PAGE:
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Mighty Ducks Prove That They Still Have the Rangers' Number : Hockey: Kariya sparks team to a 7-4 victory over New York, its third consecutive win and fourth in a row at home.

November 04, 1995|ROBYN NORWOOD | TIMES STAFF WRITER

The New York Rangers are going to beat the Mighty Ducks some day, but they've got only one more chance this year or they'll be zero for the Ducks' first three seasons.

The Ducks' 7-4 victory over New York in front of 17,174 Friday at The Pond of Anaheim was their most dominant yet after sweeping the Rangers during their 1993-94 Stanley Cup championship season. The teams didn't meet last season because the lockout wiped out interconference play.

A week ago, the Ducks were scuffling along at 2-8. Now they've won three games in a row and have a four-game home winning streak, the longest in franchise history.

They've outscored their last three opponents--Calgary, St. Louis and the Rangers--by a combined 17-6.

"It's come around for us, and it's emotional, especially against a team like the Rangers," said right wing Paul Kariya. "You look down their lineup, they have some unbelievable hockey players, and we held them in check most of the game and were able to score on them. That has to do a lot for your confidence."

The Rangers' Alexei Kovalev scored first, but then Kariya started an avalanche of Duck goals, deftly feeding Bob Corkum with a no-look pass on a two-on-one.

Corkum's goal--his first of the season--tied the score 1-1 at 11:14 of the first. By the time the Rangers scored their next goal in the final minute of the second period, the Ducks had scored six .

The Rangers started goalie Glenn Healy after watching Mike Richter allow Wayne Gretzky to score on a dribbler off a faceoff the night before in a 5-3 loss to the Kings.

But the Ducks got to Healy twice in the first period, and when he gave up two more goals in the first five minutes of the second--one of them a laugher when Joe Sacco scored his first goal of the season on a shot from the blue line--Coach Colin Campbell had seen enough.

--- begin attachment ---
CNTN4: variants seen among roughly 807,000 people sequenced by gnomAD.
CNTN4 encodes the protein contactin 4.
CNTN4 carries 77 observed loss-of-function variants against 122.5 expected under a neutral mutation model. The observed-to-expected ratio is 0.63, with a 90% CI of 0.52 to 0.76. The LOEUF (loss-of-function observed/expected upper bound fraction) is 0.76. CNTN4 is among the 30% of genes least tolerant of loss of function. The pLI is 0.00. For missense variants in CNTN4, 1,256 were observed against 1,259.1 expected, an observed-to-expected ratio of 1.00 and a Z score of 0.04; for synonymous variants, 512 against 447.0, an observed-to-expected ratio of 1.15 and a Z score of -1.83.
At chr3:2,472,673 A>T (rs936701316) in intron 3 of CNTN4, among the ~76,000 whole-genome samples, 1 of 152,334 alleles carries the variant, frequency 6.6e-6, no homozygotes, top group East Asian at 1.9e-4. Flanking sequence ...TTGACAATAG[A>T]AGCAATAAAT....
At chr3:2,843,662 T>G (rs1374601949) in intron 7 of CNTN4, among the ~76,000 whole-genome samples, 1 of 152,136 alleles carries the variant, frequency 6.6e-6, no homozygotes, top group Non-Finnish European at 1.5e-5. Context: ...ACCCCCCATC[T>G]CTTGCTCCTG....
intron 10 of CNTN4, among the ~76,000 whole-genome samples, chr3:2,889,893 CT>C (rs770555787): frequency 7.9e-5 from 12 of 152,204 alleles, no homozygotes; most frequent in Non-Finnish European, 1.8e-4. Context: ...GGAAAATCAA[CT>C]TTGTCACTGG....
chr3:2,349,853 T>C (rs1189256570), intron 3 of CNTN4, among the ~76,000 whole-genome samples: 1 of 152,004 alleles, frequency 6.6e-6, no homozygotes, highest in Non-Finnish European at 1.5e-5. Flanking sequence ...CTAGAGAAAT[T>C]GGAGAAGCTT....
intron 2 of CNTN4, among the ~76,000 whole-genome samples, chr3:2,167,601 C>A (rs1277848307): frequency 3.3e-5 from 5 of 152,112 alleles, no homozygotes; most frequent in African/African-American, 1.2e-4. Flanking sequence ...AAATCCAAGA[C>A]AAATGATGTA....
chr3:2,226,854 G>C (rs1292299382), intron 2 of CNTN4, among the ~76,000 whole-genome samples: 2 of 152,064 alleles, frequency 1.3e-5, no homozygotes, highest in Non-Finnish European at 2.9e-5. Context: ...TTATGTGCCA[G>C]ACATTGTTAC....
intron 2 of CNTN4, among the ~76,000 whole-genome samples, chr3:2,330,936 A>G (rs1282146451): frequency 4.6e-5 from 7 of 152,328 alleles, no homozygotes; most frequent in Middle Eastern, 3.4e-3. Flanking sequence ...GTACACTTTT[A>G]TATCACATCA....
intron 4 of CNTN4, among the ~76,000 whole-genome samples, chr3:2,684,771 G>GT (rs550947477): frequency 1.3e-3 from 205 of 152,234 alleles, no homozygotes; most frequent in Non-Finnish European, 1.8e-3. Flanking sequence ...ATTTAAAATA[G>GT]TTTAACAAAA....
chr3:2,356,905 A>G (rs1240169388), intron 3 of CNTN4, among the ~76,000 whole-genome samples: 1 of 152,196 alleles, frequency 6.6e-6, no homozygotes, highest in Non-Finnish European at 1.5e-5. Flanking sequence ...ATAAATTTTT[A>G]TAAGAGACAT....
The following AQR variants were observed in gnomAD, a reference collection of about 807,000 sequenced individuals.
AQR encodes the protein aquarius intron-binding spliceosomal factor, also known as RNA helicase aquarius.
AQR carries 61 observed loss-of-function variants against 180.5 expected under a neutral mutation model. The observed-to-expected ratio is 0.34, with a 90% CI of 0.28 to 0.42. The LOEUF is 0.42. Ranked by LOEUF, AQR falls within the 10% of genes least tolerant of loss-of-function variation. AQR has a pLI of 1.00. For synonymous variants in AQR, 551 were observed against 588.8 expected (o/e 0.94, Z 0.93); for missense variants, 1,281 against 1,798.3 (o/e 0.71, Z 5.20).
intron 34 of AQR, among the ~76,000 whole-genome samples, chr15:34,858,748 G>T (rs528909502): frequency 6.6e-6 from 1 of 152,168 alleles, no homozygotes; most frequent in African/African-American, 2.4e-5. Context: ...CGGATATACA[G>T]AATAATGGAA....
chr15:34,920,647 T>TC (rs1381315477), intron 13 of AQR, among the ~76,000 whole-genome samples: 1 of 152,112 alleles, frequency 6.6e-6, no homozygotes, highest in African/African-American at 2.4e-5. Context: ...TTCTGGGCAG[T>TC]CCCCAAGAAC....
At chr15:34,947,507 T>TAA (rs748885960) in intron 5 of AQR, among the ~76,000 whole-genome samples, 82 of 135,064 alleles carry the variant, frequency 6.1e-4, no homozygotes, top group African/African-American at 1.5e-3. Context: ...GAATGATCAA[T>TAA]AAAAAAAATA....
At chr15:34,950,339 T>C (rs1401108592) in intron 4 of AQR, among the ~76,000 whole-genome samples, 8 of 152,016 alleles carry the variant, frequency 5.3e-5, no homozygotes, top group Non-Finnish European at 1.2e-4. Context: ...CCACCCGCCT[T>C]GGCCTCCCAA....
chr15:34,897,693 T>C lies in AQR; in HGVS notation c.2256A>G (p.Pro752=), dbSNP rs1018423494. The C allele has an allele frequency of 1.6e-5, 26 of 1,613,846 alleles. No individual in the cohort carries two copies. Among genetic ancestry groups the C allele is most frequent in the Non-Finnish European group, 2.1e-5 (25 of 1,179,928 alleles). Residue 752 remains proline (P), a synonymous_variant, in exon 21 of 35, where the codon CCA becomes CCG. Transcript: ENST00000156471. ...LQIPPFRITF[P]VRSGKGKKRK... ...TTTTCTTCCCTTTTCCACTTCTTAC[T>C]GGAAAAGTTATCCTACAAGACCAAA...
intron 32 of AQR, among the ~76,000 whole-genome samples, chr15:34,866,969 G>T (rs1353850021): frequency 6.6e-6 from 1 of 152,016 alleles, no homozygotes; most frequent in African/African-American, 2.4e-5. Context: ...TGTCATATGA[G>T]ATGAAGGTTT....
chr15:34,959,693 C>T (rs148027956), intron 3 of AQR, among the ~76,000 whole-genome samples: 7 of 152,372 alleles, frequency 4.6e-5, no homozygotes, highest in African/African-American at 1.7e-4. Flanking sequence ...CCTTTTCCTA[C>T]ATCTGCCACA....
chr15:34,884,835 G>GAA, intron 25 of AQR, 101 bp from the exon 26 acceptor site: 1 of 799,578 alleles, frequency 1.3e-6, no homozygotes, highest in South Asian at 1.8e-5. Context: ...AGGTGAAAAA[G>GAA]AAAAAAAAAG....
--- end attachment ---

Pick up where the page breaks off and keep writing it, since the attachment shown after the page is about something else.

Richter came in, but gave up a goal on the second shot he saw, when Steve Rucchin swept in a rebound from in front of the net for the second time in the game.

"We were playing a team that played last night and we jumped on all their mistakes," Duck Coach Ron Wilson said. "That might be the best we've ever played for 2 1/2 periods."

Rucchin had a terrific chance for the hat trick late in the second but Richter dived to his right with Rucchin bearing down on him one-on-one, stopping a low shot with his outstretched stick and blocker.

Kariya, a passer by reputation who had turned into a pure goal-scorer early this season, showed off his assist ability with three in the first two periods, assisting on goals by Corkum, Patrik Carnback and Mike Sillinger.

It was the first three-assist game of Kariya's career--and his third three-point game in 13 games this season. He leads the Ducks with 10 goals and 16 points.

Kariya also has helped energize the Duck power play since moving to the point, and the Ducks scored on two of their nine power-play opportunities.

The Rangers were so thoroughly outplayed that Shaun Van Allen, perhaps the slowest skater on the team, outraced Adam Graves to score on a breakaway in the third to make the score 7-2.

After that, the Ducks let their five-goal lead dwindle by giving the Rangers too many power-play opportunities, with Pat Verbeek scoring his second goal of the game--this one with the Rangers holding a two-man advantage--and Mark Messier added another goal on the same power play.

Nonetheless, Wilson said, "Your confidence grows and you start to believe anybody. Now we've beat two good teams in a row, two contenders, and we've got the Stanley Cup champions [New Jersey] coming in Sunday."

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